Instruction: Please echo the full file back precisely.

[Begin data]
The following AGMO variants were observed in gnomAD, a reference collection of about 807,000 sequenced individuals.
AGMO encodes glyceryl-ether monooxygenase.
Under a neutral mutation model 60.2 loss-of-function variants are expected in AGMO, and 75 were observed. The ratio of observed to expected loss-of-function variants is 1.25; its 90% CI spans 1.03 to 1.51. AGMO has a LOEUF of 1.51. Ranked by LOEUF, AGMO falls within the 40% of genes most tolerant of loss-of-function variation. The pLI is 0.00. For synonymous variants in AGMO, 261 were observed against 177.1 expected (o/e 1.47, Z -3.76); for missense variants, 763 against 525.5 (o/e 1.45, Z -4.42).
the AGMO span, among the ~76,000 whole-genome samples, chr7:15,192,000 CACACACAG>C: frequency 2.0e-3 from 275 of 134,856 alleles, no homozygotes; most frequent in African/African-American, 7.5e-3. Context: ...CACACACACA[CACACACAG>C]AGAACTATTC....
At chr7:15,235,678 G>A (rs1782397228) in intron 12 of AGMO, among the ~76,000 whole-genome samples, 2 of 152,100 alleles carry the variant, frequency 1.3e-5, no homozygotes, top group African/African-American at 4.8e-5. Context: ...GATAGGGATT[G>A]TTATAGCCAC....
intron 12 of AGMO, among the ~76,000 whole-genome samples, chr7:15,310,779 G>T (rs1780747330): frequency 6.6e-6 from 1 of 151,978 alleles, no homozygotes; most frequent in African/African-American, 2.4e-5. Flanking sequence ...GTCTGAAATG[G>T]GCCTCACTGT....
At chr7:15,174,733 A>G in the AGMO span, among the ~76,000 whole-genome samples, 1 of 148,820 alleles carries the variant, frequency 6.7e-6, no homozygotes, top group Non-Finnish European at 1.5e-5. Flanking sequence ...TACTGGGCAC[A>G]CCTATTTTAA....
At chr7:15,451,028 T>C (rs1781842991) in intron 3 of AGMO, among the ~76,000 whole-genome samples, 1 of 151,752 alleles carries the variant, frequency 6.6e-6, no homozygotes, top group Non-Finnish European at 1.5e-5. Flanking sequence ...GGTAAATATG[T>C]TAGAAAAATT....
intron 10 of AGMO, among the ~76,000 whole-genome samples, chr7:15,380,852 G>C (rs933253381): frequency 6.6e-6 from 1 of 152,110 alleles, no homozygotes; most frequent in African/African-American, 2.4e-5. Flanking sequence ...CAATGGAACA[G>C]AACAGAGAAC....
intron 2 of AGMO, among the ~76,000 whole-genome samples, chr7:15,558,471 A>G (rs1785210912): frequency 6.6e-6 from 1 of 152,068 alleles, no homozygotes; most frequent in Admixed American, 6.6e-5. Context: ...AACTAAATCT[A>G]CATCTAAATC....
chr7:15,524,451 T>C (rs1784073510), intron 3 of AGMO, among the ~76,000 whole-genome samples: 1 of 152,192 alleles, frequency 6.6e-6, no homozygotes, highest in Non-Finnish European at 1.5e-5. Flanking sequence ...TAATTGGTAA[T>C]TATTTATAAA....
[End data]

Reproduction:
The following AGMO variants were observed in gnomAD, a reference collection of about 807,000 sequenced individuals.
AGMO encodes glyceryl-ether monooxygenase.
Under a neutral mutation model 60.2 loss-of-function variants are expected in AGMO, and 75 were observed. The ratio of observed to expected loss-of-function variants is 1.25; its 90% CI spans 1.03 to 1.51. AGMO has a LOEUF of 1.51. Ranked by LOEUF, AGMO falls within the 40% of genes most tolerant of loss-of-function variation. The pLI is 0.00. For synonymous variants in AGMO, 261 were observed against 177.1 expected (o/e 1.47, Z -3.76); for missense variants, 763 against 525.5 (o/e 1.45, Z -4.42).
the AGMO span, among the ~76,000 whole-genome samples, chr7:15,192,000 CACACACAG>C: frequency 2.0e-3 from 275 of 134,856 alleles, no homozygotes; most frequent in African/African-American, 7.5e-3. Context: ...CACACACACA[CACACACAG>C]AGAACTATTC....
At chr7:15,235,678 G>A (rs1782397228) in intron 12 of AGMO, among the ~76,000 whole-genome samples, 2 of 152,100 alleles carry the variant, frequency 1.3e-5, no homozygotes, top group African/African-American at 4.8e-5. Context: ...GATAGGGATT[G>A]TTATAGCCAC....
intron 12 of AGMO, among the ~76,000 whole-genome samples, chr7:15,310,779 G>T (rs1780747330): frequency 6.6e-6 from 1 of 151,978 alleles, no homozygotes; most frequent in African/African-American, 2.4e-5. Flanking sequence ...GTCTGAAATG[G>T]GCCTCACTGT....
At chr7:15,174,733 A>G in the AGMO span, among the ~76,000 whole-genome samples, 1 of 148,820 alleles carries the variant, frequency 6.7e-6, no homozygotes, top group Non-Finnish European at 1.5e-5. Flanking sequence ...TACTGGGCAC[A>G]CCTATTTTAA....
At chr7:15,451,028 T>C (rs1781842991) in intron 3 of AGMO, among the ~76,000 whole-genome samples, 1 of 151,752 alleles carries the variant, frequency 6.6e-6, no homozygotes, top group Non-Finnish European at 1.5e-5. Flanking sequence ...GGTAAATATG[T>C]TAGAAAAATT....
intron 10 of AGMO, among the ~76,000 whole-genome samples, chr7:15,380,852 G>C (rs933253381): frequency 6.6e-6 from 1 of 152,110 alleles, no homozygotes; most frequent in African/African-American, 2.4e-5. Flanking sequence ...CAATGGAACA[G>C]AACAGAGAAC....
intron 2 of AGMO, among the ~76,000 whole-genome samples, chr7:15,558,471 A>G (rs1785210912): frequency 6.6e-6 from 1 of 152,068 alleles, no homozygotes; most frequent in Admixed American, 6.6e-5. Context: ...AACTAAATCT[A>G]CATCTAAATC....
chr7:15,524,451 T>C (rs1784073510), intron 3 of AGMO, among the ~76,000 whole-genome samples: 1 of 152,192 alleles, frequency 6.6e-6, no homozygotes, highest in Non-Finnish European at 1.5e-5. Flanking sequence ...TAATTGGTAA[T>C]TATTTATAAA....